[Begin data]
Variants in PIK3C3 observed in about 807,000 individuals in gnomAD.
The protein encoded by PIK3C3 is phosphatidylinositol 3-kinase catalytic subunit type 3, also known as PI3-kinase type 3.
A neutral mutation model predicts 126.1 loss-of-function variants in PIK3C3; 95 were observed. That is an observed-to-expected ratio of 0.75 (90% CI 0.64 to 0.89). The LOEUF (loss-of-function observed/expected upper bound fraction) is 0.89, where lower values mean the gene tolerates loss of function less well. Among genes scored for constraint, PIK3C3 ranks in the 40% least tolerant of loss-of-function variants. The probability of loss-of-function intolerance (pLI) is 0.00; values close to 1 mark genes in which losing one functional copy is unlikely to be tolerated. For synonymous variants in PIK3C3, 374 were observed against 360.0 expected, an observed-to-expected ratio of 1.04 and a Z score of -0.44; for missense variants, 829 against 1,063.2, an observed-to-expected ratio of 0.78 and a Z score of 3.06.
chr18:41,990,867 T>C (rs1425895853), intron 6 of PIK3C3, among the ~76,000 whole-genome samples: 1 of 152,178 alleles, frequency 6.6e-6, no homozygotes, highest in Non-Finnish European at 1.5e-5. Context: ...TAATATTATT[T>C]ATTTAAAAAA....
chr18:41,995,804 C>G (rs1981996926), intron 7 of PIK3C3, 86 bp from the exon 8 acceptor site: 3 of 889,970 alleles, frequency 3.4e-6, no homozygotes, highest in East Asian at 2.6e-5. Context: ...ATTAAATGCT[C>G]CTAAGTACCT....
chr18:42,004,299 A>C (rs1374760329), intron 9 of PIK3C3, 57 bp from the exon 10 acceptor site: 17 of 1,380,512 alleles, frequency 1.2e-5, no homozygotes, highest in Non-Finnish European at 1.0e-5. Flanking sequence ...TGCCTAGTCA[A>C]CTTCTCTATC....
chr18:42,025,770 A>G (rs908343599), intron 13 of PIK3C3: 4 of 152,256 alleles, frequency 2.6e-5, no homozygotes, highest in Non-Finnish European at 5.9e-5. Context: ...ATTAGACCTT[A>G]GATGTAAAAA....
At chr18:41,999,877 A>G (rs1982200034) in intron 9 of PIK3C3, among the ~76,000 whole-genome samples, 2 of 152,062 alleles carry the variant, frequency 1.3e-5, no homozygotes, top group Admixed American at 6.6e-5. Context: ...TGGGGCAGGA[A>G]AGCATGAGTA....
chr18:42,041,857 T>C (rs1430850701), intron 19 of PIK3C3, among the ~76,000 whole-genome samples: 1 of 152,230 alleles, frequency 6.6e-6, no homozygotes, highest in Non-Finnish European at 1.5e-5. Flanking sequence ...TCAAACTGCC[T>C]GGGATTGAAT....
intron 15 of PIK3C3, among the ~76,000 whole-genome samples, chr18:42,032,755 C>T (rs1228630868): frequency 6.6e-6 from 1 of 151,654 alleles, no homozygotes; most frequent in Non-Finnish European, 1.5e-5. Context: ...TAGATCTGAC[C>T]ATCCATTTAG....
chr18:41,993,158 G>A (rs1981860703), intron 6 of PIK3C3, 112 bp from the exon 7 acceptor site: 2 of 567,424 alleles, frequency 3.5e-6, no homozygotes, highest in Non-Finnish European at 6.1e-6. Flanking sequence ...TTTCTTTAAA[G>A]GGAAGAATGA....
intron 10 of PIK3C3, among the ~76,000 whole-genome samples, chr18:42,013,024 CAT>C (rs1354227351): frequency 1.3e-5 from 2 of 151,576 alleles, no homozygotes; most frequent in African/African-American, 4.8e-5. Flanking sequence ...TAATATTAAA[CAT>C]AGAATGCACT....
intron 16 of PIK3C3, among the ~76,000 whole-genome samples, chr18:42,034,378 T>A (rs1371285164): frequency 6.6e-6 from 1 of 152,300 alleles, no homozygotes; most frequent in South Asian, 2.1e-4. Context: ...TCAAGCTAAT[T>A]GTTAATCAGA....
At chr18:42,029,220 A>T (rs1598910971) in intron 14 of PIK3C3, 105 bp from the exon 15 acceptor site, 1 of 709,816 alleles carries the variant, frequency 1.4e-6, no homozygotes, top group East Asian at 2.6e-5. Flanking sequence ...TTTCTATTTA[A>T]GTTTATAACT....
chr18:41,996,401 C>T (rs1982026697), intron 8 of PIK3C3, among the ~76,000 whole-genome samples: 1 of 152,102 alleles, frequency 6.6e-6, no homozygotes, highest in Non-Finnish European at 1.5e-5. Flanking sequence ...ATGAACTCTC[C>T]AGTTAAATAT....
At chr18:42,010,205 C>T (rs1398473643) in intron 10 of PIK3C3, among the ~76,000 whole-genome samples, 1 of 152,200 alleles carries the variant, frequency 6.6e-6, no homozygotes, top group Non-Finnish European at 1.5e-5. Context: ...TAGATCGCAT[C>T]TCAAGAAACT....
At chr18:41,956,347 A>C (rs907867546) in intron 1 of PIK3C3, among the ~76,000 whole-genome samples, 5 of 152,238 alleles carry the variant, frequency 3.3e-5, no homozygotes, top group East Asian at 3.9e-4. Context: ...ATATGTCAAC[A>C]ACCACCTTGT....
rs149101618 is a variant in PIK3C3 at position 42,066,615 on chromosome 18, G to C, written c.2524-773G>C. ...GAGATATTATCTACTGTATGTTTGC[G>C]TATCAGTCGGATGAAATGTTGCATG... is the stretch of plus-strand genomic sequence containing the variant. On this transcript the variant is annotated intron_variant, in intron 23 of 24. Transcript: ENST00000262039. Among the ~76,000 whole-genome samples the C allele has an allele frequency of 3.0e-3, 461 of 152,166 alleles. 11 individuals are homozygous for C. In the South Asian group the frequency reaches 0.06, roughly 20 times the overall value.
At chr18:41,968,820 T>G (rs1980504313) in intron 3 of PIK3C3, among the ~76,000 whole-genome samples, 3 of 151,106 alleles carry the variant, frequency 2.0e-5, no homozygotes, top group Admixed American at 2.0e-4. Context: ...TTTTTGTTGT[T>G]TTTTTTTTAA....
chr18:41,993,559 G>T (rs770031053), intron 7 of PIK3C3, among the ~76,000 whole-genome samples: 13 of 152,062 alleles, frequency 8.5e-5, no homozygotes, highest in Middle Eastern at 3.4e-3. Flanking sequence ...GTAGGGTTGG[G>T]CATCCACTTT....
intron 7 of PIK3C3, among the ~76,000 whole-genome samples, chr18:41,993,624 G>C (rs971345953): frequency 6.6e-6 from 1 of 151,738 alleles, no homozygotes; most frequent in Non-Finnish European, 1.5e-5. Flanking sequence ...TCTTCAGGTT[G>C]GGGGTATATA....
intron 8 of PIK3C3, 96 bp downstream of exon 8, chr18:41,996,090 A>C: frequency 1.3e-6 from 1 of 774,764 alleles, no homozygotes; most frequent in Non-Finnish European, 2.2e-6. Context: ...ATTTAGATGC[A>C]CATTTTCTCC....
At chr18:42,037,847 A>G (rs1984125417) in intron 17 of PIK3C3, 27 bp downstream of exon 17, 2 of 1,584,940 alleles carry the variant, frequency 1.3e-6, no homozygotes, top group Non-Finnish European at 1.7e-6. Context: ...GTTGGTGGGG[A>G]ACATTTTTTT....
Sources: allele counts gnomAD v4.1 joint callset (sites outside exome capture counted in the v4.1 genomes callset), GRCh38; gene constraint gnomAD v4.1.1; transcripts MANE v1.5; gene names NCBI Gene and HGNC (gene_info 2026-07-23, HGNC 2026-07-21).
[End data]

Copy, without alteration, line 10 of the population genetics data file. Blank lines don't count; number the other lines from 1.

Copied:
intron 15 of PIK3C3, among the ~76,000 whole-genome samples, chr18:42,032,755 C>T (rs1228630868): frequency 6.6e-6 from 1 of 151,654 alleles, no homozygotes; most frequent in Non-Finnish European, 1.5e-5. Context: ...TAGATCTGAC[C>T]ATCCATTTAG....